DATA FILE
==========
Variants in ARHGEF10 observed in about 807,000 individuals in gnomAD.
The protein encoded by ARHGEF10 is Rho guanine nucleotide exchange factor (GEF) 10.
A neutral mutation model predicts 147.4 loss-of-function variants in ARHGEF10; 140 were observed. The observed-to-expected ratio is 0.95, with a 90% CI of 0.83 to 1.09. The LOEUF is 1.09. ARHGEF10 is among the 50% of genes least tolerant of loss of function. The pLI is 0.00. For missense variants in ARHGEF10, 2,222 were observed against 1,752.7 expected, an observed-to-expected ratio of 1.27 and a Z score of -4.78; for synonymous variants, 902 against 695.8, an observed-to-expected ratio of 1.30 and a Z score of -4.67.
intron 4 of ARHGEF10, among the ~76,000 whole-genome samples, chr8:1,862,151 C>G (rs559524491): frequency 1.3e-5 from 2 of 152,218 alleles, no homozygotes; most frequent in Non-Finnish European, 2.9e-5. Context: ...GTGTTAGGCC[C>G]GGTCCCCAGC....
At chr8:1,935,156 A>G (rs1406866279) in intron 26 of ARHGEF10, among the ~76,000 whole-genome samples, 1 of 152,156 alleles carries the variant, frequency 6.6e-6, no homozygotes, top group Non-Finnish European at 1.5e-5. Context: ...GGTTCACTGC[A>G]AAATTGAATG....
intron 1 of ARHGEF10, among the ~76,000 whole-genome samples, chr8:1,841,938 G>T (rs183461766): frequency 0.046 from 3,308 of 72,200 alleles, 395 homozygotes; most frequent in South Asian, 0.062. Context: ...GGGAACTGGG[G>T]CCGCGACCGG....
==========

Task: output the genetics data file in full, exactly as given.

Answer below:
Variants in ARHGEF10 observed in about 807,000 individuals in gnomAD.
The protein encoded by ARHGEF10 is Rho guanine nucleotide exchange factor (GEF) 10.
A neutral mutation model predicts 147.4 loss-of-function variants in ARHGEF10; 140 were observed. The observed-to-expected ratio is 0.95, with a 90% CI of 0.83 to 1.09. The LOEUF is 1.09. ARHGEF10 is among the 50% of genes least tolerant of loss of function. The pLI is 0.00. For missense variants in ARHGEF10, 2,222 were observed against 1,752.7 expected, an observed-to-expected ratio of 1.27 and a Z score of -4.78; for synonymous variants, 902 against 695.8, an observed-to-expected ratio of 1.30 and a Z score of -4.67.
intron 4 of ARHGEF10, among the ~76,000 whole-genome samples, chr8:1,862,151 C>G (rs559524491): frequency 1.3e-5 from 2 of 152,218 alleles, no homozygotes; most frequent in Non-Finnish European, 2.9e-5. Context: ...GTGTTAGGCC[C>G]GGTCCCCAGC....
At chr8:1,935,156 A>G (rs1406866279) in intron 26 of ARHGEF10, among the ~76,000 whole-genome samples, 1 of 152,156 alleles carries the variant, frequency 6.6e-6, no homozygotes, top group Non-Finnish European at 1.5e-5. Context: ...GGTTCACTGC[A>G]AAATTGAATG....
intron 1 of ARHGEF10, among the ~76,000 whole-genome samples, chr8:1,841,938 G>T (rs183461766): frequency 0.046 from 3,308 of 72,200 alleles, 395 homozygotes; most frequent in South Asian, 0.062. Context: ...GGGAACTGGG[G>T]CCGCGACCGG....